Developer's experts continue quarry pitch Opponents of project file petition seeking time to counter testimony

March 22, 1996|By Ivan Penn | Ivan Penn,SUN STAFF

At a third hearing last night, developer Kingdon Gould's experts continued to pitch his proposal to quarry rock on a 300-acre site in Jessup, and opponents filed a petition to bring in their own experts.

Opponents hope to counter testimony from the dozen experts Mr. Gould has lined up to support his proposal before the Howard County Board of Appeals.

They didn't have sufficient time or information from Mr. Gould to prepare witnesses before the hearings that began in January, according to their 11-page petition.

Board members will consider the petition during a work session April 2.

Mr. Gould wants to mine a crystalline rock, called Baltimore gabbro, and stockpile sand, gravel, clay and fill dirt on his Chase Property a 546-acre wooded site east of Interstate 95, west of U.S. 1 and south of Route 175.

Baltimore gabbro, known for its hardness and uniform texture, is used mostly for road construction.

If all local and state regulatory hurdles are cleared, mining could begin in two to three years.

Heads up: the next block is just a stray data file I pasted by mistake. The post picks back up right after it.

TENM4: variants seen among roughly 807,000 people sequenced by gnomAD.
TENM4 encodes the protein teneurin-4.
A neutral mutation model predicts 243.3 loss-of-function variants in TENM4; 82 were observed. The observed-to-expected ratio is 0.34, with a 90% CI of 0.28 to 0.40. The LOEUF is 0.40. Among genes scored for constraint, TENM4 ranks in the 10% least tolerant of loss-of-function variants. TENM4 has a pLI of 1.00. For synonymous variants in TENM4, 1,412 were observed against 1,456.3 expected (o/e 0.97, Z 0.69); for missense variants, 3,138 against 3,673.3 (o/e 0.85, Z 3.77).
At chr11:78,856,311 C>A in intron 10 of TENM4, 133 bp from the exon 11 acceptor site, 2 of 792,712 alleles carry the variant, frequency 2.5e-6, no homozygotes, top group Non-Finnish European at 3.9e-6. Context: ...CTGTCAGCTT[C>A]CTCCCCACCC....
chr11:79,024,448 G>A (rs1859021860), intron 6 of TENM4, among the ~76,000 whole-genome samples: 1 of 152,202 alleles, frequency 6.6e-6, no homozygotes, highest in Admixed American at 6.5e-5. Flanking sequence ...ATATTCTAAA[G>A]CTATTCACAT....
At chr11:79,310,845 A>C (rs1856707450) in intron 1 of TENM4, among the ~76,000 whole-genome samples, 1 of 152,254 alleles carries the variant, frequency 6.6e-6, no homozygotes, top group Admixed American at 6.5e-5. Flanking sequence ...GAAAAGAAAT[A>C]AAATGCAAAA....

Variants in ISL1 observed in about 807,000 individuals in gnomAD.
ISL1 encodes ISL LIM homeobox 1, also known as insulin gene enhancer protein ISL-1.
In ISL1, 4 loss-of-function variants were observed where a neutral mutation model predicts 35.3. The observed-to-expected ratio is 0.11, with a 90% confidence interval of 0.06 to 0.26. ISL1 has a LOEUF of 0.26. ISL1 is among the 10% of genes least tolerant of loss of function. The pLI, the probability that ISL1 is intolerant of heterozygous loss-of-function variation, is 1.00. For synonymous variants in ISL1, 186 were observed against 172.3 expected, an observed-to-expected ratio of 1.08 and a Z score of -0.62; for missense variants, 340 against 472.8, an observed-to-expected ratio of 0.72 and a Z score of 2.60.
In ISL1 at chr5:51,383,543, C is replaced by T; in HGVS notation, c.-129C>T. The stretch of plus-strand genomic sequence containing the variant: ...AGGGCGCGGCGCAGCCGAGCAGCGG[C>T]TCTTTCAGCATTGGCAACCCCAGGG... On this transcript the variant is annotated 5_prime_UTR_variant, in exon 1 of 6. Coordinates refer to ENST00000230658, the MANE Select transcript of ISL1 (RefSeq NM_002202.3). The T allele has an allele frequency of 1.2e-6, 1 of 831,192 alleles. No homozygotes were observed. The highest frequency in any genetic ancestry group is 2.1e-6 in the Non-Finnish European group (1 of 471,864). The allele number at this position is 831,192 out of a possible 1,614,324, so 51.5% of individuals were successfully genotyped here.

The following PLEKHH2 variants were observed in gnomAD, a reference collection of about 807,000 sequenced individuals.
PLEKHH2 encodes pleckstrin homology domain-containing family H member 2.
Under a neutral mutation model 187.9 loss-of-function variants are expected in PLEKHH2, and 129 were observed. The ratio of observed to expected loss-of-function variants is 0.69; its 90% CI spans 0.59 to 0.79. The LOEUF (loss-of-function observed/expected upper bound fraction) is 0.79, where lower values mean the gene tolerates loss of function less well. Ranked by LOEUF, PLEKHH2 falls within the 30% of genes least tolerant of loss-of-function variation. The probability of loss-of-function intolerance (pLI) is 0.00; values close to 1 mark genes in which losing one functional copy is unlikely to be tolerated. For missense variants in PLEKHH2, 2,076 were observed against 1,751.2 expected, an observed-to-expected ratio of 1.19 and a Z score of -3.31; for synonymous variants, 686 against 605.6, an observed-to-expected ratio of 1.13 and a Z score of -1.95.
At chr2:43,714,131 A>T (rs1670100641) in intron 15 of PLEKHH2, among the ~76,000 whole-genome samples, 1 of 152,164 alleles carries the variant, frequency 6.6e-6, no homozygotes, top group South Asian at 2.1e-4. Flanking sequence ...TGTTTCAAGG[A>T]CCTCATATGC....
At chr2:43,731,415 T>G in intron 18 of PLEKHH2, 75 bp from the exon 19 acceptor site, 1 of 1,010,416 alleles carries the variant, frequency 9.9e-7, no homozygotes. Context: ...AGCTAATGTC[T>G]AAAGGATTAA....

But some 1,000 homeowners near the proposed site have formed a group called the Stop the Quarry Coalition to block the project.

They fear a quarry would cause traffic snarls along U.S. 1 and cause property values to plummet because of dust and tremors from blasting.

Last night, experts for Mr. Gould told the board that studies have shown that quarries have not had a negative impact on neighborhoods and that his proposed, state-of-the-art quarry could improve property values in the Jessup community.

"I've seen the petition. I've seen the site plans there is a very high potential that this may be beneficial to the neighborhood," said Richard J. Roddewig, president of Clarion Associates Inc., a Chicagoreal estate appraisal and consulting company.

But opponents criticized Mr. Roddewig's testimony, saying he provided no official reports for evidence a criticism they have made of Mr. Gould's experts throughout the hearing process.

"I think it is important that we know the facts on which he bases his opinions," said David A. Carney, an attorney representing the opponents. "I think the board would want to know something that tells us that he knows a whole lot about this operation."

Mr. Roddewig said he lives within a half-mile of a quarry.

Prices of houses near the quarries he has studied including three Maryland operations have shown little or no decline, he said.

"My professional opinion is that this kind of quarry there is no adverse impact on that neighborhood," said Mr. Roddewig.

In fact, he said, Mr. Gould's quarry has benefits most don't.

Mr. Gould has promised the residents a 5,000-square-foot community center and, when mining is completed, parkland with a lake.

He also pledged to give the community association 5 cents for every ton of Baltimore gabbro and any other mineral he mines at the site, with a guarantee of at least $50,000 a year.

The board will continue the case at 7: 30 p.m. Tuesday.

Pub Date: 3/22/96

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